For some of us, we turn “achievements” into an idol, and we like looking in our own mirror to look for areas in our lives where we have succeeded in our work and in our parenting (and in other areas of life), and then parade those accomplishments in front of others. We might even push our kids to succeed and “use” our kids’ achievements to bolster our own image. This leads to irrational fears of failure, constant comparison with others, and using other people to maintain your self-image — the image that you think you’re seeing from your distorted funhouse mirror.

For others, the part of the distorted self-image that’s enlarged in our distorted mirror could be “approval” (which we elicit by obsessively posting in social media and waiting for Likes) or “money” (which makes us constantly evaluate how much money is something worth before we make choices or before we spend time on something or with someone) or “control” or “morality,” etc. We might even try to put excessive demands on “family” or “friendships” or “career” in order to satisfy our false sense of identity.

This is especially poignant for me recently, because as I’m pondering the “what’s next” of my life, I have felt the temptations to build my identity on my next career move.

In the past few years I’ve read books covering a wide range of topics such as work, marriage, parenting, church, ministry, theology, philosophy, psychology, etc. and a common thread is that many of our problems can be traced to our distorted identity, and that even when we (after some difficulties) realize how our self-image got distorted, we still struggled to let go of those distortions.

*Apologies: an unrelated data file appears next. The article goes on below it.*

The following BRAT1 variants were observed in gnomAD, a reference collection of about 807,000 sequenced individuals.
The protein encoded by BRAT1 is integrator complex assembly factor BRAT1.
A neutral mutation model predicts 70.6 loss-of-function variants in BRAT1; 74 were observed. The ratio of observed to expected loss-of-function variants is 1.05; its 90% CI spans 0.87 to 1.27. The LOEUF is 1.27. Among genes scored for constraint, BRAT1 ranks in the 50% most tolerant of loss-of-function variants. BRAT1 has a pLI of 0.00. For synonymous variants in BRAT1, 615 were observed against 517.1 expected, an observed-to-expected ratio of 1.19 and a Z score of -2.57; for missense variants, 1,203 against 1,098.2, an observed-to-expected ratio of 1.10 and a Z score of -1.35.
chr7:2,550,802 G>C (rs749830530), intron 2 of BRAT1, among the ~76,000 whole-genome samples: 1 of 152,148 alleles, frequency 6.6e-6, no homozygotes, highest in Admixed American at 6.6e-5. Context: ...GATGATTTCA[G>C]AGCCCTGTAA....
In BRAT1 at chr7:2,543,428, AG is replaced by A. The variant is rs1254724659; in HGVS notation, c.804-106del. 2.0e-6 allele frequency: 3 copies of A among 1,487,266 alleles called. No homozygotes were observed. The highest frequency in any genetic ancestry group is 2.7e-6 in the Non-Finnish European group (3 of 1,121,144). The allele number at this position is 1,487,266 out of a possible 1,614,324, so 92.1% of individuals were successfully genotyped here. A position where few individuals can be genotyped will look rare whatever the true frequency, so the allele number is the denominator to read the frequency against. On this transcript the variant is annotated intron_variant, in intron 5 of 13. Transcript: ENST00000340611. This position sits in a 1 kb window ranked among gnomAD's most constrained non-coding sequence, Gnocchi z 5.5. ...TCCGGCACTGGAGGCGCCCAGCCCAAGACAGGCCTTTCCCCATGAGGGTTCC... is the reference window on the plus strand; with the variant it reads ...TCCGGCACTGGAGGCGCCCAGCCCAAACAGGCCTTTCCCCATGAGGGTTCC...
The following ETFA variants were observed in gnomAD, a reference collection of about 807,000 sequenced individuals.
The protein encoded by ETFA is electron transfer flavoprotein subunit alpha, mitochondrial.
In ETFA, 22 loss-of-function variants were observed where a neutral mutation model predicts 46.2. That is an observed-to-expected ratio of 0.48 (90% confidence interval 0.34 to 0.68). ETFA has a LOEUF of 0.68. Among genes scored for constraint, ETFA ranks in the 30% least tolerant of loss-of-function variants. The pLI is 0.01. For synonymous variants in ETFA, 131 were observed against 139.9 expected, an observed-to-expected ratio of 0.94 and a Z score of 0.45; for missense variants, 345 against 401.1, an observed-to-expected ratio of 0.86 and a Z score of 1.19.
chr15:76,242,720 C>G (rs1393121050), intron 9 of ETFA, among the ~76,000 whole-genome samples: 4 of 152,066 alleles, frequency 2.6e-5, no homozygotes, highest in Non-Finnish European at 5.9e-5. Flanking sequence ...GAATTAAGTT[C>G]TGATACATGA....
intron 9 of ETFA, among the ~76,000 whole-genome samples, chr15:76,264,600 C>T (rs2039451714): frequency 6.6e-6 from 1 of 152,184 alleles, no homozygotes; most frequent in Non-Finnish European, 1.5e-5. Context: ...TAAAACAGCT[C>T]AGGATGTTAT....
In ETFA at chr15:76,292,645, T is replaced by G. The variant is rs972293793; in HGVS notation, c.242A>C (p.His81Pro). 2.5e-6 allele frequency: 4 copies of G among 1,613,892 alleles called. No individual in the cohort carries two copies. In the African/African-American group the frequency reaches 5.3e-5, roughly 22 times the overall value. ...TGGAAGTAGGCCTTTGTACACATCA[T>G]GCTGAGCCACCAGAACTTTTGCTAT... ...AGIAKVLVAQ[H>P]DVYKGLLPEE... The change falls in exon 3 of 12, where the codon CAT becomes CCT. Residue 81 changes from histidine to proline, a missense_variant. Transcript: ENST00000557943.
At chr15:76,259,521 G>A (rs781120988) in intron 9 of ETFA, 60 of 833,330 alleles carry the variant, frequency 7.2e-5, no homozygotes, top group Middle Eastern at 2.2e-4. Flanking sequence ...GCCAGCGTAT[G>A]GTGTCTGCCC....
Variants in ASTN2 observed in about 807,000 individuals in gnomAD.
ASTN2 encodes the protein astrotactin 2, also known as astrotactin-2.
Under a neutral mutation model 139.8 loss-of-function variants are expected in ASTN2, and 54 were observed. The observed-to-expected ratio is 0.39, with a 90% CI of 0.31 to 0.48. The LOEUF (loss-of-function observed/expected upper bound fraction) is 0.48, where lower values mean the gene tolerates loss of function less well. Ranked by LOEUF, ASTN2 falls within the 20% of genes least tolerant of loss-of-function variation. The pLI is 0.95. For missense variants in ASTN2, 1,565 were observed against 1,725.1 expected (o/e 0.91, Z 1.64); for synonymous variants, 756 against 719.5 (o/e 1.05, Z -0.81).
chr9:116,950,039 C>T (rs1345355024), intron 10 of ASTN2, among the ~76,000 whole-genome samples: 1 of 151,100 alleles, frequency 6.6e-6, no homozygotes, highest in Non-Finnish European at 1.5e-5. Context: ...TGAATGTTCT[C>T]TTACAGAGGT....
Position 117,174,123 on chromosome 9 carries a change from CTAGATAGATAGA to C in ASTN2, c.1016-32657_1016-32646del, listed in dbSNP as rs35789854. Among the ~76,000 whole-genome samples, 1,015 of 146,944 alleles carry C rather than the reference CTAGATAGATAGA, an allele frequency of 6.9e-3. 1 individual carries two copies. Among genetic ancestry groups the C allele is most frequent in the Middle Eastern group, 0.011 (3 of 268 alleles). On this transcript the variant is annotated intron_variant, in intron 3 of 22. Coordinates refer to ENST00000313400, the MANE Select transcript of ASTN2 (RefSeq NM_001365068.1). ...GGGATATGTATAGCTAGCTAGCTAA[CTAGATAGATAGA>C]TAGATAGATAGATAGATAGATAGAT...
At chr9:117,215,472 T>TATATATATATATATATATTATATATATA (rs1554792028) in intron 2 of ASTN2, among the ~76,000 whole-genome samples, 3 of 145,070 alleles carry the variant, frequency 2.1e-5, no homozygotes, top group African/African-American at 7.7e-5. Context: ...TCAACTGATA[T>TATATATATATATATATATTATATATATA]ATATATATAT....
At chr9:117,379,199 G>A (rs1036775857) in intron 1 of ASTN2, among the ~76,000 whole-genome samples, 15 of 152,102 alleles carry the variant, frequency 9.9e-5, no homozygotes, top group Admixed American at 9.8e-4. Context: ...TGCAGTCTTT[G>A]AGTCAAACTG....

These self-image distortions ping-pong us between the foolish extremes of indulgence and misery. They also incorrectly color our view of the world, and they damage our relationships with others. Worse, we are unaware how much we project our distorted images onto God, turning Him into an agent who’s tasked to feed our distorted egos and identities, and blaming Him for withholding from us anything that could appease our idolatrous pursuits.

We are made in the image of God, yet our brokenness has made it hard to find that perfect image again. This is why we should be thankful that Jesus came to be the perfect God-man to show us what the image of God should be like. As Corrie ten Boom said: